Two Russian warships laden with military vehicles have been spotted en route to Syria after Friday’s US-led airstrikes obliterated three suspected chemical weapons sites.
EDITOR’S NOTE: For the past 48 hours, the geopolitical world has been wondering what sort of response Putin was going to have to Friday night’s missile attack on Syrian chemical weapons production by Allied forces. Warship and enormous cargo ships filled with Russian military equipment are at this moment steaming towards Syria. Putin has not said exactly what he plans on doing, other than promises to “respond with consequences” in a meaningful way. But it looks like he’s getting ready to respond.
An Alligator-landing ship was pictured cruising down The Bosphorus on Sunday as the world awaits Vladimir Putin’s response to this week’s co-ordinated military action against Syria. The vessel was spotted on its way to the Russian naval base at Tartus on the north Syrian coast.
A yellow RoRo Alexandr Tkachenko was also pictured heading for Tartus carrying high-speed patrol boats, a temporary bridge structure and several trucks. The images were posted on social media by Bosphorus-based naval observer Yörük Işık.
They come in wake of Friday’s US-led campaign against Bashar al-Assad’s regime and a chemical weapons attack that brutally murdered 75 civilians.
The blue Project 117 LST Orsk 148 ship was carrying Soviet BTR-80 tanks, Ramaz trucks and a Pelena-1 bomb radar, used to detect IEDs. A second yellow cargo vessel was equipped with a BMK-T boat used for building temporary bridges and an array of other military hardware.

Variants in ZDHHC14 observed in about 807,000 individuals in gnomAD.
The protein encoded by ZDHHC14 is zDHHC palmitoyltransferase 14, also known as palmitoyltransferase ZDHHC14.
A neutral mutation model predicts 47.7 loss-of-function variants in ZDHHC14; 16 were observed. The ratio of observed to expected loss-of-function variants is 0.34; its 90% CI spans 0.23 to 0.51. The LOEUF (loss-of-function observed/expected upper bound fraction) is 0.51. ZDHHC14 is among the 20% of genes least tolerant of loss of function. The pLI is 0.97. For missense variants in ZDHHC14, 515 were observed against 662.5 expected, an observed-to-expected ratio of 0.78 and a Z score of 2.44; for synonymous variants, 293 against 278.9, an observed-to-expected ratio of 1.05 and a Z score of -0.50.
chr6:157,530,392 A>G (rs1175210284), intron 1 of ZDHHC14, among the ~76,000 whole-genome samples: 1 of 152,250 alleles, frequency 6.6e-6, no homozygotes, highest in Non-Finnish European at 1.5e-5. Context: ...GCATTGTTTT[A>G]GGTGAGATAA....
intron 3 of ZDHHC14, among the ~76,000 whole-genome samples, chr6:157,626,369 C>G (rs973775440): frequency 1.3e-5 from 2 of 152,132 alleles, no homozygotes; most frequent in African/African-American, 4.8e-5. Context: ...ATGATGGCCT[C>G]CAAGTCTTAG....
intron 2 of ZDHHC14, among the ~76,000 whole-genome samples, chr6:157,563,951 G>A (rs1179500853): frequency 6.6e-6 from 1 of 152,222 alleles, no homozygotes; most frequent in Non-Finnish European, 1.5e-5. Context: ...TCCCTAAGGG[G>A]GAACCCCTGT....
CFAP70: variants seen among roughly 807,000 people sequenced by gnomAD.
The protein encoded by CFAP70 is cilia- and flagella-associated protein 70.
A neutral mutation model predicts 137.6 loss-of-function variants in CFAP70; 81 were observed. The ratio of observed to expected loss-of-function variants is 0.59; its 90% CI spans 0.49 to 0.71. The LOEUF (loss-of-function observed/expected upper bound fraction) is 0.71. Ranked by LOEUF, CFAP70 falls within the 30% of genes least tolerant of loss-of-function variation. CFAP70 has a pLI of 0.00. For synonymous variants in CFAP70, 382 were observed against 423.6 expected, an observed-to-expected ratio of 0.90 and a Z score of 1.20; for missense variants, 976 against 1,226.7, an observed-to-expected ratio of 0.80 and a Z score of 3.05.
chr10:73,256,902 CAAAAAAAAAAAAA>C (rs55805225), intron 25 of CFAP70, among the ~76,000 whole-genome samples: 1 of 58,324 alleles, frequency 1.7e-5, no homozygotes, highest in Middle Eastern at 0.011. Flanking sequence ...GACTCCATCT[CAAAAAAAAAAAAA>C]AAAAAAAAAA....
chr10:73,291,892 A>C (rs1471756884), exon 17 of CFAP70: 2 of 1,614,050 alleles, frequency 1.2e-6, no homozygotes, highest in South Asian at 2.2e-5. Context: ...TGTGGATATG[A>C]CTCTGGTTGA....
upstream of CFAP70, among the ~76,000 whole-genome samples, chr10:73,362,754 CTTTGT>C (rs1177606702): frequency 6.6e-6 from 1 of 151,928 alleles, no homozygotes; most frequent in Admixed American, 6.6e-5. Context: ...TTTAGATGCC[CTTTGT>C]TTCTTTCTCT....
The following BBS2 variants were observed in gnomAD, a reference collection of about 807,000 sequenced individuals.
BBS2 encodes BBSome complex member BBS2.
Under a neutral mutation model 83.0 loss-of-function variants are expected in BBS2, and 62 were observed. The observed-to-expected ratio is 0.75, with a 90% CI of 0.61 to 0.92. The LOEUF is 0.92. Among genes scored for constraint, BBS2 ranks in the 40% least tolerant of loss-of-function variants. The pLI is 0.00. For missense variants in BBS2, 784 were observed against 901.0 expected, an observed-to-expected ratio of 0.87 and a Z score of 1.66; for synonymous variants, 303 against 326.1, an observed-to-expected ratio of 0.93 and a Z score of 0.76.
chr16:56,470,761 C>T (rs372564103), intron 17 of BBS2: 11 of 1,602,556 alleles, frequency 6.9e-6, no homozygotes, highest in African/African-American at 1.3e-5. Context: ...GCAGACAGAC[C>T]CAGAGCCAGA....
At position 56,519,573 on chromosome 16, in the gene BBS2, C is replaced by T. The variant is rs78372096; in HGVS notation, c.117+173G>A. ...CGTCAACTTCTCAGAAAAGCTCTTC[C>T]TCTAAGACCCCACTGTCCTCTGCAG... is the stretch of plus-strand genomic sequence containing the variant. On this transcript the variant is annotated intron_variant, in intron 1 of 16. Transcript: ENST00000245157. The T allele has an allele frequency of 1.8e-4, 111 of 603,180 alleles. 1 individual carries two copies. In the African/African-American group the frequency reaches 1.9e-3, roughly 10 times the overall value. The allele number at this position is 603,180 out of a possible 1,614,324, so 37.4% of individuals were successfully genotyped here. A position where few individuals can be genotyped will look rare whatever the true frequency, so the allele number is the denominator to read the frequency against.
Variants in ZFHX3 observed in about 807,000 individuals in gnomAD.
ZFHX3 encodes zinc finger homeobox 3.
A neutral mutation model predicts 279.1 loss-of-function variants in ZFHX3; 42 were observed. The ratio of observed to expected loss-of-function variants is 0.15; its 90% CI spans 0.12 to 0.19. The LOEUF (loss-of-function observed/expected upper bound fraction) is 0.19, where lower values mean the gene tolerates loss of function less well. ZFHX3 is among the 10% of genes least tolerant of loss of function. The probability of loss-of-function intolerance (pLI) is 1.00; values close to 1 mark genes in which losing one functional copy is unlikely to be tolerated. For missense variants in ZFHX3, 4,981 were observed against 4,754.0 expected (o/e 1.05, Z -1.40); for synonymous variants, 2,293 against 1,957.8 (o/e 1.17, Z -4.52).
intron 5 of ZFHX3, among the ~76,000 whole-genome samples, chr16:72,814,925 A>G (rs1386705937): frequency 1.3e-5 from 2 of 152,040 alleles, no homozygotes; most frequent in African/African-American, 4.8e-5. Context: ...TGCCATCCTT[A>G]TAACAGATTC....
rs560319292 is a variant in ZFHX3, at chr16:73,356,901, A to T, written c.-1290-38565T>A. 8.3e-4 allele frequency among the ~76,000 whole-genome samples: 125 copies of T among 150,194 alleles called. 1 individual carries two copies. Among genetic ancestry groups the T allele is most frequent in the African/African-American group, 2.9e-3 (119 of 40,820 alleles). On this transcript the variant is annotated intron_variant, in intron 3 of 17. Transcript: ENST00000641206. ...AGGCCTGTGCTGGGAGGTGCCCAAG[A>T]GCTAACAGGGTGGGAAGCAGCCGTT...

The Russian warships approaching Syria come after the United States outlined new economic sanctions in response to Moscow’s continued support of Assad’s regime in Syria.
Nikki Haley, US Ambassador to the United Nations, said measures to be imposed on Monday will send a message to Russia after it blocked six UN attempts to investigate its use of chemical weapons.
In Washington President Donald Trump stood by his comments that the strikes he commanded were a ‘mission accomplished’ after he was slated for repeating George W Bush’s controversial use of the phrase during the Iraq war.
Meanwhile French President Emmanuel Macron today insisted the allied forces had not ‘declared war’ on Syria.
He told a French TV station: ‘We have not declared war on the regime of Bashar al-Assad.’ During the two-hour interview he also claimed he had ‘convinced’ Trump to maintain a military presence in Syria after the US leader threatened to pull out of the country entirely.
It emerged that Trump called Mr Macron twice before he shared his intention to strike Syria in a Twitter post. But he failed to call UK Prime Minister Theresa May in the early stages of the operation, giving the French leader the opportunity to claim France is America’s leading ally in Europe.
Vladimir Putin condemned Friday’s strikes as an ‘act of aggression’ that will worsen the humanitarian catastrophe in Syria and have a ‘destructive influence on the entire system of international relations.
But Trump has vowed to carry out more if Bashar al-Assad’s regime dares to use chemical weapons again.
UK Foreign Secretary Boris Johnson today defended Britain’s decision to stand up to ‘barbarism’ amid criticism of Mrs May for agreeing to the strike without a vote in the House of Commons. Mr Johnson said failure to respond to Assad’s use of illegal chemical weapons against his own people would have undermined ‘civilised values’.
He said ‘so far, thank heavens, the Assad regime has not been so foolish to launch another chemical weapons attack,’ adding that Britain and its allies ‘would study what the options were’ in the event of another attack.
But amid fears of revenge attacks by Russia and criticism of Theresa May for acting without a Commons vote, Mr Johnson stressed there was no intention of getting more deeply involved in the Syrian civil war.
Concerns have been raised that a cyber backlash could see vital services including water supplies, gas networks, banks, hospitals and air traffic control affected. source
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